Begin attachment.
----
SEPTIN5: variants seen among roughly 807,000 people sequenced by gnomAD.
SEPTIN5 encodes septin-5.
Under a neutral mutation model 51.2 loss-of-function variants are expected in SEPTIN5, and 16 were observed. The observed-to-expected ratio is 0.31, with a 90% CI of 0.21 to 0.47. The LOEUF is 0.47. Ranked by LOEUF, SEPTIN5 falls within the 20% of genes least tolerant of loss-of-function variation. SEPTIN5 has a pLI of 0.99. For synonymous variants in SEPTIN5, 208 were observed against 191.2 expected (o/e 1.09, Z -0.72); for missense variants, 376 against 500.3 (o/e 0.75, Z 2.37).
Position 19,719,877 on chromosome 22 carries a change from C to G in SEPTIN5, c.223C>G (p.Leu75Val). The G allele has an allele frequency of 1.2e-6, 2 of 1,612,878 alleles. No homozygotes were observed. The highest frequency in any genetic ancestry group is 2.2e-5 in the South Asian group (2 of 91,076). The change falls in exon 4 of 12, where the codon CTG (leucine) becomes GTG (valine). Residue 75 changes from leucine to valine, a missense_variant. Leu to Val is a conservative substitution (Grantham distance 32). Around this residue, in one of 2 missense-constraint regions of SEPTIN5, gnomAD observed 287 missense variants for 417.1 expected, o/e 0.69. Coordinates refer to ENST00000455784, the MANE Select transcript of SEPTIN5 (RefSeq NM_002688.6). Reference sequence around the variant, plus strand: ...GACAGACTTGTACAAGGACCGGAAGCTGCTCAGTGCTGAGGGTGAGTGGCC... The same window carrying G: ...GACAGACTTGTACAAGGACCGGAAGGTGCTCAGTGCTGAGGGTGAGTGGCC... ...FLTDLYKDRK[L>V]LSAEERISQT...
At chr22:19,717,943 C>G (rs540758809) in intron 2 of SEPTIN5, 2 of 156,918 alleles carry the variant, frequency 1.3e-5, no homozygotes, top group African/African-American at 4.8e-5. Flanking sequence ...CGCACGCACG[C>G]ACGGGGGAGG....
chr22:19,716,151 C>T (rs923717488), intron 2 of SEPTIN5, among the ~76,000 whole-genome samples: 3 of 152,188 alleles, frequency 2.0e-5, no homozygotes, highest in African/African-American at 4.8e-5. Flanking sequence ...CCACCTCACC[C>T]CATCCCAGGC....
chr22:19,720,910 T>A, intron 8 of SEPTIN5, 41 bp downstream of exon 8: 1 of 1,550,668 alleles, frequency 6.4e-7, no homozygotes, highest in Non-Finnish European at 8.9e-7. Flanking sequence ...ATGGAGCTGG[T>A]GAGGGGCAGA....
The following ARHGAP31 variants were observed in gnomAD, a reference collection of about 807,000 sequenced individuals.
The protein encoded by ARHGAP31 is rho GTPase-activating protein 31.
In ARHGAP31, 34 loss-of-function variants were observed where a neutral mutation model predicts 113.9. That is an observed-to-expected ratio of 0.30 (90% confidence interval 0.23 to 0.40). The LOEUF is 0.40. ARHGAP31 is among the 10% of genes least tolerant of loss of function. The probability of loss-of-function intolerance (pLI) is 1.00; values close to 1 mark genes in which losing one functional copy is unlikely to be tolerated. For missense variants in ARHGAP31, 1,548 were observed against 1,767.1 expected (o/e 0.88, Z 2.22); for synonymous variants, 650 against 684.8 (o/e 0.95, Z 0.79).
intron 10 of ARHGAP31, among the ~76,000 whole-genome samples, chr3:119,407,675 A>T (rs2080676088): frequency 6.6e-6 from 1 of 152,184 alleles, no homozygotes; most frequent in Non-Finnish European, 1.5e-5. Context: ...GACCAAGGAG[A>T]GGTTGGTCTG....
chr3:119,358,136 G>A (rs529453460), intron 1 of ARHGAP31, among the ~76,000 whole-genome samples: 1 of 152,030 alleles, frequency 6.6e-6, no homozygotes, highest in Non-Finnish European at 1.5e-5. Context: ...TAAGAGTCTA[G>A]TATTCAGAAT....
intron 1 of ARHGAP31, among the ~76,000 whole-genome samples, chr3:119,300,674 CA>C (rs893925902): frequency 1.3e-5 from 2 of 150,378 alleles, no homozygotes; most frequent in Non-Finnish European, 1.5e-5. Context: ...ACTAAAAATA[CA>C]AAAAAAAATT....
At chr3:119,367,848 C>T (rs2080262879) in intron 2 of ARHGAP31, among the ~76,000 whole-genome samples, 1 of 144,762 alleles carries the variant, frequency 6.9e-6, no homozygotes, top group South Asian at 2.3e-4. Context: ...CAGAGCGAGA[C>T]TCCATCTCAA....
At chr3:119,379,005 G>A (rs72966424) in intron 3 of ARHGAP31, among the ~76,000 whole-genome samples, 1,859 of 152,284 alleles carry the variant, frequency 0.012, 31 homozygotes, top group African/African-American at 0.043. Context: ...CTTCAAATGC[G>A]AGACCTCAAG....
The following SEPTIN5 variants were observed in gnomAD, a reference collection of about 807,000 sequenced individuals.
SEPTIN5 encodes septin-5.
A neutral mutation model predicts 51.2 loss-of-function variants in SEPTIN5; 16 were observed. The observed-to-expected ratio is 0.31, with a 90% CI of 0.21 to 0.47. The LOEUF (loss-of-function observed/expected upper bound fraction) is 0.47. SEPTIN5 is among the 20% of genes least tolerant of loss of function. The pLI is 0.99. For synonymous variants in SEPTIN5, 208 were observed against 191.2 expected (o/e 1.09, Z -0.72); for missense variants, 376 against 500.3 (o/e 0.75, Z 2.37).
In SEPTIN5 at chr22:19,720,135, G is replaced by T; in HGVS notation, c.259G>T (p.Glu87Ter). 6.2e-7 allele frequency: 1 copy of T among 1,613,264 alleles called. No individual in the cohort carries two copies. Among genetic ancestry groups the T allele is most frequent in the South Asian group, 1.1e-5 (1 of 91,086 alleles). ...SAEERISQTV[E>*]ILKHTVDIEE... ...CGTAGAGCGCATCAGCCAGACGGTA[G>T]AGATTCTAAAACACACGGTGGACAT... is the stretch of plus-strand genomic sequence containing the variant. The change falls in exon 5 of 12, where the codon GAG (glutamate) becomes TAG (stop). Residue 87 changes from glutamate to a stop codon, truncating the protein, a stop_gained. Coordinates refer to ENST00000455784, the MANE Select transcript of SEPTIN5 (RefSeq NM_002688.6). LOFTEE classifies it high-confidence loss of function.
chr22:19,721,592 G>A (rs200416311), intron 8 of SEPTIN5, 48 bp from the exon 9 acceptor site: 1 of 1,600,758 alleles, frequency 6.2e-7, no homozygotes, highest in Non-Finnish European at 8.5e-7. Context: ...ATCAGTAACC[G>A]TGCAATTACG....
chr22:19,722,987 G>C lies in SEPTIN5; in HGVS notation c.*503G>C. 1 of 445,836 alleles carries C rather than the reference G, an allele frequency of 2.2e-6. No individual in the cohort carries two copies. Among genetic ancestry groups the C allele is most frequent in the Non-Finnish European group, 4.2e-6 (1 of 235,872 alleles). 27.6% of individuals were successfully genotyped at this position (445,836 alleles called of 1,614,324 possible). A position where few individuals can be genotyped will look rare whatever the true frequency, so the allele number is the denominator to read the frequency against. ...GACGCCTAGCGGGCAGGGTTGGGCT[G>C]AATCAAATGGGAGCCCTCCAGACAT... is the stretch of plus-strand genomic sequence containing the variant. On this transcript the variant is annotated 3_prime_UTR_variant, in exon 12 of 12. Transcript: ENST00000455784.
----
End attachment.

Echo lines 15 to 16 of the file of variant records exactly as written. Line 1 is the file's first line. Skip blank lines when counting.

At chr3:119,379,005 G>A (rs72966424) in intron 3 of ARHGAP31, among the ~76,000 whole-genome samples, 1,859 of 152,284 alleles carry the variant, frequency 0.012, 31 homozygotes, top group African/African-American at 0.043. Context: ...CTTCAAATGC[G>A]AGACCTCAAG....
The following SEPTIN5 variants were observed in gnomAD, a reference collection of about 807,000 sequenced individuals.